On our last day of expedition around Antarctica, we arrived at the South Orkney Islands. In 1821, the islands were discovered by two sealers, Nathaniel Brown Palmer and George Powell. The islands are located at roughly the same latitude south as the Orkney Islands are north (60°S vs 59°N). It is unknown if this was a factor in the naming of the islands. This Southern Ocean archipelago is claimed by Argentina and Britain, and they both maintain bases on the islands. The Argentine Base is on Laurie Island, and the British Base is on Signy.

In the early morning, National Geographic Resolution stopped in front of the archipelago, and we geared up for a Zodiac cruise along Sandefjord Bay. And what an amazing ride! We started with a beautiful sighting of the island’s vast chinstrap colony. We observed an incredible number of birds in the air and water, including giant petrels, Wilson’s storm petrels, and Cape petrels. We soon understood why. We were surprised when a couple of very curious leopard seals popped up around the Zodiacs, and the birds were having a feast with the penguin carcasses left behind by the leopard seals.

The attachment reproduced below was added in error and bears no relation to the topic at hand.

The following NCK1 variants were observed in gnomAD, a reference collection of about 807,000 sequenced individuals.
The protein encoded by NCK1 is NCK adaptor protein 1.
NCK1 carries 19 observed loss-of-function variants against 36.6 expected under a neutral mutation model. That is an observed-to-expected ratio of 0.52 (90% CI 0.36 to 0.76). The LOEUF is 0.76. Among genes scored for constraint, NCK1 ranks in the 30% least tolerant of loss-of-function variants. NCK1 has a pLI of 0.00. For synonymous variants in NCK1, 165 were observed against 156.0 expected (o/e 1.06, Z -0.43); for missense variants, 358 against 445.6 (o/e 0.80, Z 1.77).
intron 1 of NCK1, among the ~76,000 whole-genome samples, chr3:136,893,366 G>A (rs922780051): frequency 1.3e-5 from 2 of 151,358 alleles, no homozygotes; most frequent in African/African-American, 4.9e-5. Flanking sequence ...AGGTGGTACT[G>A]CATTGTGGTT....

After returning from the Zodiac cruise, we started sailing and soon encountered a massive aggregation of fin whales including a few humpbacks. We slowed down to enjoy the show. After delicious sushi at teatime, Andreas offered a superb and unique presentation about glaciers.

Now it is time to head up north and then east to see what the magnificent South Georgia Islands have to offer on this amazing journey in the Beagle Channel.